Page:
Hainan’s provincial government has become an increasingly prominent and active player in the South China Sea disputes. In November 2012, Hainan’s People’s Congress issued new regulations on coastal border security that raised questions about freedom for navigation in the South China Sea (see analysis here and here).
In November 2013, the same legislative body issued “measures” (banfa, 办法) or rules for the province’s implementation of China’s 2004 fisheries law. These new rules, which took effect on January 1, raise questions about China’s efforts to exercise jurisdiction over all fishing activities in the disputed South China Sea.
Current concerns focus on Article 35 of Hainan’s new fishing rules. This article states that “foreigners or foreign fishing ships entering sea areas administered by Hainan and engaged in fishery production or fishery resource surveys should receive approval from relevant departments of the State Council.” As the news report announcing the new rules indicated, the “sea areas administered by Hainan” constitute 2,000,000 square kilometers, more than half of the South China Sea. If implemented, the measures would constitute an effort to control fishing in the entire region in a manner that is clearly inconsistent with the UN Convention on the Law of the Sea (UNCLOS).
In assessing the potential implications of these measures for the disputes in the South China Sea, several points bear consideration. All told, the new measures reflect part of a continuing effort to affirm and reaffirm China’s claims in the South China Sea, but are unlikely in the short to medium term to result in a sustained Chinese effort to control fishing in these vast waters.
To start, the new measures do not contain any new language regarding foreign fishing vessels in waters that China claims. In fact, the Hainan rules simply repeat almost verbatim Section Two, Article 8 of China’s 2004 fisheries law, which states that foreign fishing vessels operating in sea areas administered by China should receive approval from relevant State Council departments. That is, the new Hainan rules affirmed the application of the 2004 national law to Hainan’s waters (which were already covered by the 2004 law). Importantly, the recent Hainan rules do not outline or articulate a new policy position regarding foreign fishing vessels in Chinese claimed waters.
In addition, the 2013 rules do not mark the first time that Hainan has sought to regulate the activities of foreign fishing vessels in its waters. In previous editions of the implementing measures issued for China’s national fisheries law in 1993 and 1998, Hainan’s legislature also required that foreign fishing vessels receive permission to operate in the province’s waters.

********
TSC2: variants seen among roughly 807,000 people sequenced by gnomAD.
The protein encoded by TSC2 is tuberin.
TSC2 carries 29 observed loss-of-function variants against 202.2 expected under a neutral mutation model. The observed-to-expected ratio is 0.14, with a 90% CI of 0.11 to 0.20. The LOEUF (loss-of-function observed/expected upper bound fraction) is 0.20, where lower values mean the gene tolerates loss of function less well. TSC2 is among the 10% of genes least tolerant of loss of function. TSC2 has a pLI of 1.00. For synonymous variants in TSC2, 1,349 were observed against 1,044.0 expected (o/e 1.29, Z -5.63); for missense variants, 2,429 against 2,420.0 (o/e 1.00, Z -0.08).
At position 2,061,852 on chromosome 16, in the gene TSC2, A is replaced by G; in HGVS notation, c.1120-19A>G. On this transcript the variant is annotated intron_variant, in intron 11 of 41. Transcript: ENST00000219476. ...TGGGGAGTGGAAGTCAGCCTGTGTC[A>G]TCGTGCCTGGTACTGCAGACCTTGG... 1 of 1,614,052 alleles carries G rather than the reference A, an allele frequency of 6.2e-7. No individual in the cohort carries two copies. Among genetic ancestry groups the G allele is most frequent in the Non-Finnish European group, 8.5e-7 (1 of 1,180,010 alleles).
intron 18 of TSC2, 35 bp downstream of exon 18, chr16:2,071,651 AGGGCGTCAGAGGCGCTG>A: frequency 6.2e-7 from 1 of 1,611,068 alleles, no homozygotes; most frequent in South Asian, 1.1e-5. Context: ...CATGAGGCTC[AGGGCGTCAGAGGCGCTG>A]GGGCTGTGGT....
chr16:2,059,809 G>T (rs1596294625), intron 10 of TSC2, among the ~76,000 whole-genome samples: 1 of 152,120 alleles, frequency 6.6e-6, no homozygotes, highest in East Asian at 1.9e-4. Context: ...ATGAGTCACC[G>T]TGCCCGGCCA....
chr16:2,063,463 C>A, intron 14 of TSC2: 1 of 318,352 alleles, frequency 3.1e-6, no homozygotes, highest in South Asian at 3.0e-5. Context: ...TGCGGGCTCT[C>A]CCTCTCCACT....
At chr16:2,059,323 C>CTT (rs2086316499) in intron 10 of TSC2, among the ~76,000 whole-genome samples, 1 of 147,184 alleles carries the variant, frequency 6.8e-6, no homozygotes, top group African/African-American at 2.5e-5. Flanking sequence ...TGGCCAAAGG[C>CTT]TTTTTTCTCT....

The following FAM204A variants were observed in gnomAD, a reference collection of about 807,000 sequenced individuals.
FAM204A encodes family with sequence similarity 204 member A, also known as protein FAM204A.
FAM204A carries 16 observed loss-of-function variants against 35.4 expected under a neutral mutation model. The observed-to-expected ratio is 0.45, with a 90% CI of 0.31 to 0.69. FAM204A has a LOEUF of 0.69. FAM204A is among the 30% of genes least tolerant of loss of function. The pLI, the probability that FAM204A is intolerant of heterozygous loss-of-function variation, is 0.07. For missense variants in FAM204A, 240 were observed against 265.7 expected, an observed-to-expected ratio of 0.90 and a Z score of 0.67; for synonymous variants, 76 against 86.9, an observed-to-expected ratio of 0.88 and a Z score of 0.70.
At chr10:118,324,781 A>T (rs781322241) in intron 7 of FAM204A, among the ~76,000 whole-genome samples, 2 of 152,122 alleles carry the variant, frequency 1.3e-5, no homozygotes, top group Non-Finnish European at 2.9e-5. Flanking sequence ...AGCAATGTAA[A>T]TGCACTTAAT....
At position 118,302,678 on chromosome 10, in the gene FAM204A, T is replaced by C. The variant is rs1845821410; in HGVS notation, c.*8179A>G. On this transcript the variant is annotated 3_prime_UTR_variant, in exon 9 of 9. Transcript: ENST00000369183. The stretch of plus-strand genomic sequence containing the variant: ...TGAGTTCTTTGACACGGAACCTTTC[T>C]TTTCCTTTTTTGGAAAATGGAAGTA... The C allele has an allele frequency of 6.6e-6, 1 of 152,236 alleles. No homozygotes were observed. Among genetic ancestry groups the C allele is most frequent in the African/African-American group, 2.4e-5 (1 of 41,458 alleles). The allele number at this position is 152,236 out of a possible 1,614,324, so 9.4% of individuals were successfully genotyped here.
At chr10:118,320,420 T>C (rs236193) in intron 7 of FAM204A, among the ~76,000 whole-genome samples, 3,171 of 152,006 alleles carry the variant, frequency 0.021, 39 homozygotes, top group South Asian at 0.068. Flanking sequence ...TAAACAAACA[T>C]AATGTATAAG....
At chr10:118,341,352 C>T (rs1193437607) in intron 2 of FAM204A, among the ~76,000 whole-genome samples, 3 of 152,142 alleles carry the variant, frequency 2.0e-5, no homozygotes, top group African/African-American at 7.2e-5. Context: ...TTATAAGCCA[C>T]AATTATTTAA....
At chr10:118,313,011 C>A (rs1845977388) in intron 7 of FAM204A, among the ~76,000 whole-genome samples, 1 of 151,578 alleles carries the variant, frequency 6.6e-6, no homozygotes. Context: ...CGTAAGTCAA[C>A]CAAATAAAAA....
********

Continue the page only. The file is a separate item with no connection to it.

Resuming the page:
Likewise, apart from Article 35, the other forty articles in the newly issued rules discuss rather mundane fishing issues and not the policing of Hainan’s waters. Various topics include fish-farming, fishing methods, the protection of fish stocks and so forth. One rule, for example, sets the minimum length for the catch of various species (e.g., 18 centimeters for lobsters). In other words, the main purpose of the implementing measures appears to be strengthening the regulation of fishing for an island province with a large fishing industry, not further bolstering China’s claims to fishing rights in the South China Sea.
Finally, the 2013 Hainan implementing measures do not state how the province intends to regulate the presence of foreign fishing vessels. Apart from stating that foreign fishing vessels must receive State Council approval to operate in Hainan’s waters, the measures do not discuss how the province will police foreign fishing vessels, including which agencies would be responsible for this mission or what rules of engagement would be used. The sheer size of the waters nominally under Hainan’s administration indicates that actual implementation of these new rules would be a daunting operational task, especially giving the various missions assigned to the newly-formed Chinese Coast Guard.
Any effort to implement these rules would also have to be balanced against China’s relations with other states adjacent to the South China Sea. In 2009, China aggressively policed foreign fishing vessels around the Paracel Islands, which are also claimed by Vietnam. In particular, China seized or detained 33 Vietnamese fishing boats with 433 Vietnamese fishermen. China’s assertive actions worsened ties with Vietnam, which subsequently improved after 2011. Clashes between the Chinese authorities and Vietnamese fishing vessels have declined significantly (though some still occur) and the two sides have established a hotline to deal with fisheries issues.
Looking forward, the reference to foreign fishing vessels in Hainan’s new fishing rules reflects a continued desire to affirm Chinese claims in the South China Sea and to do so in a way that is inconsistent with UNCLOS. Nevertheless, the key question is whether China is able – or even willing – to implement the new rules actively and aggressively throughout these waters.